The era of the 1970’s and early 1980’s were transitional years in the Orthodox Church in North America. As more and more liturgical services and theological writings became available in the English language, there was a greater desire amongst young adults to pierce beyond the ethnic cloaks that overshadowed the faith. The tension between the old and new generations over language of services and the need to reach out to those outside of the household of faith, greatly discouraged the youth of my parish. This, coupled with a frequent change in pastoral leadership, led me to consider leaving the faith when I left home for my freshman year at the University of Connecticut.
Because I was so accustomed to attending Church every Sunday, I decided I would make one attempt to find an Orthodox Church to attend while at College. If it didn’t work out, I told myself, I would be off the hook. I made a call and found a very interested and supportive priest who made the necessary arrangements to get me to Church. While this Church was even smaller than my home parish, I felt immediately at home and humbled because an elderly couple went out of their way, literally 12 miles round trip, to pick me up and take me to Church. Another couple took me out to eat after Church, brought me back to school and gave me spending money to buy myself supper. At this little Church, where no one knew me, I had the chance for a fresh start. It was a real joy to take part for the very first time, in the Divine Liturgy served completely in English.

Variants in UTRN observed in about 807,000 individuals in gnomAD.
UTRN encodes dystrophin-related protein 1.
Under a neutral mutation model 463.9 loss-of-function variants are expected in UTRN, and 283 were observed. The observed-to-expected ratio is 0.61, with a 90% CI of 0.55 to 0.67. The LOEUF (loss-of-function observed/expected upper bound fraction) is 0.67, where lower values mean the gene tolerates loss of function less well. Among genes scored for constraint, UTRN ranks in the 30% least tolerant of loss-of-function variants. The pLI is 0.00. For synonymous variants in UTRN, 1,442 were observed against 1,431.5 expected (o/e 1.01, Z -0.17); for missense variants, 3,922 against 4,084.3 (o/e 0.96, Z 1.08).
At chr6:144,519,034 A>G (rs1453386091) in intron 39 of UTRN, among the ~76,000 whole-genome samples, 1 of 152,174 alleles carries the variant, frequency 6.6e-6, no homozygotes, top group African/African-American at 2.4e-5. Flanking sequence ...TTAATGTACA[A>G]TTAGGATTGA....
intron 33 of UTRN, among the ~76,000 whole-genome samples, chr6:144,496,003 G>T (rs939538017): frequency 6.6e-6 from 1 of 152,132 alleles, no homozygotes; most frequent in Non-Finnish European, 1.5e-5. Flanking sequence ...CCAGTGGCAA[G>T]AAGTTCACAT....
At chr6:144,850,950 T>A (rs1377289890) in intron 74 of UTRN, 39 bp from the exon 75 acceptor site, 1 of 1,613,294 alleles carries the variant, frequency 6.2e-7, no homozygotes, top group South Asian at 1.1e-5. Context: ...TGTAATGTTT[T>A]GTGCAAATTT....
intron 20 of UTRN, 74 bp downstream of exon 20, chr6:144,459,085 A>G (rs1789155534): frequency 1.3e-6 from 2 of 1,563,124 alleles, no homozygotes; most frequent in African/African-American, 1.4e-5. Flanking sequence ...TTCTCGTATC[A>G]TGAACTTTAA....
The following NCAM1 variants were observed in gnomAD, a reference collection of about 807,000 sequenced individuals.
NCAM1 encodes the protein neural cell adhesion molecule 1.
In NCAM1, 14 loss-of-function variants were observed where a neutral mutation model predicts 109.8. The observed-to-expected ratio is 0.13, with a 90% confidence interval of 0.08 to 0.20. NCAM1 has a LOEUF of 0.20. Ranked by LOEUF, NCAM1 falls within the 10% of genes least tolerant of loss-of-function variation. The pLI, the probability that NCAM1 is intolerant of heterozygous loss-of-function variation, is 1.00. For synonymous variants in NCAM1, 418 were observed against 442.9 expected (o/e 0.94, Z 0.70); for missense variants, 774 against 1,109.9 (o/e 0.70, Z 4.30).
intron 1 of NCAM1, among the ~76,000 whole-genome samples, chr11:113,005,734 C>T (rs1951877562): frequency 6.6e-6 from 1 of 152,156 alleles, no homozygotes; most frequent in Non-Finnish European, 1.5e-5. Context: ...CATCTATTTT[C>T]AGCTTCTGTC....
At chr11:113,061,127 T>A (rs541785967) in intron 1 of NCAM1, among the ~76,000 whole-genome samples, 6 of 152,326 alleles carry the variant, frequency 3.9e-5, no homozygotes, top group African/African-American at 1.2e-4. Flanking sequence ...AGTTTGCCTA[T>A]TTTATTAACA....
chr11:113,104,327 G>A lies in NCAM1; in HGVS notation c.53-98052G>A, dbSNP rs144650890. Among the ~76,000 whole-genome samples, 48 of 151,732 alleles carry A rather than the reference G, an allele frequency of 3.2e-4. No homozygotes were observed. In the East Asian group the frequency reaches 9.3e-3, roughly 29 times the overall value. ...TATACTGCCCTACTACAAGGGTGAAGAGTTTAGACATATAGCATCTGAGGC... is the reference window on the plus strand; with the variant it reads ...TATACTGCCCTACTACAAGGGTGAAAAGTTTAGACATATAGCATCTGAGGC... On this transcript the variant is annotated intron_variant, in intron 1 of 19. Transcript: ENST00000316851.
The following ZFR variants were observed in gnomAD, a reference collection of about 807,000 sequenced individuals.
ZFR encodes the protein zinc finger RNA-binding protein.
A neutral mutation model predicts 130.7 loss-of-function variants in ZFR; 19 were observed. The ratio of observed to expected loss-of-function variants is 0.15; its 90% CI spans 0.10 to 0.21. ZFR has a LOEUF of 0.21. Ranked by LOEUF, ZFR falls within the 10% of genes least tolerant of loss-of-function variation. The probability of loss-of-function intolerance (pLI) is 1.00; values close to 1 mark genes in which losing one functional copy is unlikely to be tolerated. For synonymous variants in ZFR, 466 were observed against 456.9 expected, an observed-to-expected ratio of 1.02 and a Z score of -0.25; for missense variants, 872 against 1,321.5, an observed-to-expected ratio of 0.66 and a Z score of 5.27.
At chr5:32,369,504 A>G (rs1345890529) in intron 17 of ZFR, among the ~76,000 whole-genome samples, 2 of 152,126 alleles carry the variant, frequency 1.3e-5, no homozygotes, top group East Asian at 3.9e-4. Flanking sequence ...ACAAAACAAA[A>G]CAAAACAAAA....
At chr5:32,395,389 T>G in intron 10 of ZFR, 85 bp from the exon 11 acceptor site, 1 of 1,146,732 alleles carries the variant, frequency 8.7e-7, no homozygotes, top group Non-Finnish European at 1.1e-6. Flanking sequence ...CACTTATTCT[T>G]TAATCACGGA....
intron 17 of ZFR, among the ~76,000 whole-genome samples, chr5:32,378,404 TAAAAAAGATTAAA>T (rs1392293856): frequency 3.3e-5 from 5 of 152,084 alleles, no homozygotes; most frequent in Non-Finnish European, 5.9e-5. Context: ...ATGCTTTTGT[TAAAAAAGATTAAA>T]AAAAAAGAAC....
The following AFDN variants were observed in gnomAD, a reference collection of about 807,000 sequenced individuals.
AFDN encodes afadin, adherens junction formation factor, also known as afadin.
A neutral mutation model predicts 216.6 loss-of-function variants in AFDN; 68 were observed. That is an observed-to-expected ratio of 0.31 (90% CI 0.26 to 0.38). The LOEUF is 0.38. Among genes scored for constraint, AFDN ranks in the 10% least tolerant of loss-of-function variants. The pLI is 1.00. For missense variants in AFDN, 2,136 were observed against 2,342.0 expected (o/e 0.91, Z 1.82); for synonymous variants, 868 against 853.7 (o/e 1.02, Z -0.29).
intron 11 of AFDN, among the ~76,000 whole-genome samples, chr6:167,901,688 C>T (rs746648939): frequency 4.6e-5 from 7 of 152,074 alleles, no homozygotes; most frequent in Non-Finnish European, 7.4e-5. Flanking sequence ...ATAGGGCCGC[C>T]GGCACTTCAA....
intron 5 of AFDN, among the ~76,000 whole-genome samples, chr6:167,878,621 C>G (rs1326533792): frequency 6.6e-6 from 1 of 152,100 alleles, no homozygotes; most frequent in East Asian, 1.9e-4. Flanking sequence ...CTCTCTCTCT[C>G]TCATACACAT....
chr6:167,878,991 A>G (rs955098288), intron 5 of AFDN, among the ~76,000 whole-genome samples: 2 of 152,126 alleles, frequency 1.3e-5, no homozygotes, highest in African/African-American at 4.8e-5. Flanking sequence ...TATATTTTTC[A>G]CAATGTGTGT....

During my college years, I had the great blessing to meet two young Bishops, of blessed memory, who helped foster my vocation to the Holy Priesthood: Archbishop (then Bishop) Job (Osacky) and Metropolitan (then bishop) Nicholas (Smisko) who later ordained me to the Holy Priesthood These bishops, by their keen interest in the youth of the church and their hopeful and joy-filled vision of the Orthodox Faith, opened my eyes even further to the beauty and truth of the Orthodox Faith. They instilled a hunger within me to learn all I could about the Church. I went to college seeking to become an attorney and left seeking a seminary education.